Small business: use your own router
Google Fiber service includes a Network Box, which connects to the Fiber Jack installed in your location and acts as a router for your network. If you are a small business customer and you need features the Network Box does not offer, you can use your own router with Fiber service. If you are a residential customer, you must use the provided Network Box for service.
Do you need to use your own router?
If you choose to add multiple static IPs to your Fiber service, you must use your own router. If you have zero or one static IP, you can choose to use your own router if you want features that are not available with the Network Box. (Read an overview of Network Box features). The Installation Specialist who installs your Google Fiber service will make sure your Fiber Jack is working and Google Fiber service is being delivered to your location, but will not be able to install and set up the router you use. Check with your IT expert to select and set up a router for your service.
Choose a router
If you decide to use your own router, make sure the router you choose supports basic features including connecting to the Internet at gigabit speeds, security, Wi-Fi networking, as well as any additional features you want. You should consult with your IT expert when deciding which router to choose.
Following is a list of features you should look for in a router:
|Feature||Minimum requirements||Preferred specifications|
|Static IP support||Support for 1 or multiple static IPs, depending on which Google Fiber service option you choose|
|Copper Ethernet WAN||10/100 megabit (10/100baseT) Ethernet WAN port||Gigabit (1000baseT) Ethernet WAN port|
|DHCP WAN addressing||IPv4 WAN IP address as assigned by Google Fiber||IPv4/IPv6 WAN IP address as assigned by Google Fiber|
|LAN to WAN routing||
Forwarding and Network Address Translation(NAT) of private LAN addresses to public WAN addresses
multiple static IPs: NAT of private LAN address to Public WAN, and static routing of a secondary public subnet on the LAN side of the router
1 static IP: port forwarding or DMZ mode
LAN to WAN throughput: at least 800 Mbps
|LAN connectivity||10/100baseT Ethernet LAN ports to provide PC connectivity||1000baseT Ethernet LAN ports|
In addition to these basic features, there are optional features you should consider in your router:
Your router needs this feature if you want to enable devices to connect via Wi-Fi. Your router should support at least 802.11n and preferably 802.11ac as well.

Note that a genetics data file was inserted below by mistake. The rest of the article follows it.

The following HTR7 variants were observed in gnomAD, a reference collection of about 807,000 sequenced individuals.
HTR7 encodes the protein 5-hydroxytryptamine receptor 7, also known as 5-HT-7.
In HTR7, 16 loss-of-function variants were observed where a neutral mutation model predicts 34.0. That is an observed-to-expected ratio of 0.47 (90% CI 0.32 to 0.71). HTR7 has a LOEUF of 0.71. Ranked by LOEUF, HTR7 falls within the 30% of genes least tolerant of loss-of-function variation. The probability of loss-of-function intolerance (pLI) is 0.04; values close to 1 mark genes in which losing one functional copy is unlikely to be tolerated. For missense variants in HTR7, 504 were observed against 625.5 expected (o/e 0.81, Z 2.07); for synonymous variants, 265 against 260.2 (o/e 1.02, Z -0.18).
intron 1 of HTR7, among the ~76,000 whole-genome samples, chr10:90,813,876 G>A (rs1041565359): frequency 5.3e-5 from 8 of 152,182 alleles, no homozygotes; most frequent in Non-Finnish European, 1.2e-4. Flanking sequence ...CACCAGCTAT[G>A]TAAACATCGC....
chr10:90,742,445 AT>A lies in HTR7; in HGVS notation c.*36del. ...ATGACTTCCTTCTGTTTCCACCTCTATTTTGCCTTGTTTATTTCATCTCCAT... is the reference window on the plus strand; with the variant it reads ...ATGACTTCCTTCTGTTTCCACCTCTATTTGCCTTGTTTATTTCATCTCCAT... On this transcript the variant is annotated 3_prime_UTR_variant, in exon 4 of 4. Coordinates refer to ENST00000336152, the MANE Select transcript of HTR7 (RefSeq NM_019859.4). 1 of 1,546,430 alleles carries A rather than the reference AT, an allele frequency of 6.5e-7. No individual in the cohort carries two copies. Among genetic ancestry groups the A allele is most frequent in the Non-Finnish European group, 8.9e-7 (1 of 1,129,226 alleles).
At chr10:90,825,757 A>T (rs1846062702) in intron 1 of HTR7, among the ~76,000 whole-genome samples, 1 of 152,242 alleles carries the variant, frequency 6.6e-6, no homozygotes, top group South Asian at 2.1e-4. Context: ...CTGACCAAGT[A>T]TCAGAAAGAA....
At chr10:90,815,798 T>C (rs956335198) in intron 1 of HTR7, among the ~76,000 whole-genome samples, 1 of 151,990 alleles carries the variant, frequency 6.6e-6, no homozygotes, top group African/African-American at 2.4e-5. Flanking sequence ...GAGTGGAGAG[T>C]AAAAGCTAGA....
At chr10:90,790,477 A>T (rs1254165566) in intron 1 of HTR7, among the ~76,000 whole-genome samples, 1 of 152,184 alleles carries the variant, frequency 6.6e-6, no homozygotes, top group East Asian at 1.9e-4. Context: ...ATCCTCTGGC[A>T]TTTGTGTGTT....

Wi-Fi speeds depend on many factors, including distance from the router and interference from other wireless devices. Even with the fastest router, Wi-Fi speeds are slower than wired speeds.
|Firewall||Firewall software in the router helps protect your network from attack.|
|Advanced Routing||This feature forwards traffic from the WAN to the hosts on the LAN side of the network that are configured with static IP addresses. This feature is especially useful if you have multiple static IPs.|
Set up your own router
To set up your network, connect a gigabit-capable (1000BaseT) Ethernet port on your router to your Fiber Jack. You can test your connection to be sure your Fiber Jack is performing as expected by connecting a computer directly to the Fiber Jack and running a speed test.
When you use your own router, you must request a dynamic WAN address via DHCP. Learn more about static IP addresses.
- DHCPv4: You receive the WAN IPv4 address via DHCP. This address will not change. The static IP allocations are tied to your account and physical address. They will remain the same unless you modify your service or move locations. Despite the fact that you have a static IP, you still must configure your 3rd party router to use DHCP.
- DHCPv6 (optional): Google Fiber supports and encourages you to use IPv6. When you enable DHCPv6 on the WAN interface, we delegate you a /56 prefix of public addresses for use on your LAN.
When you set up your own router, we strongly recommend you consult with your IT expert to ensure your network is adequately secured from attack and unwanted intrusion. Google Fiber can't be responsible for security issues caused by inadequate security settings on your router or in your network setup.
Scott is a Google Fiber expert and author of this help page. Help him improve this article by leaving feedback below.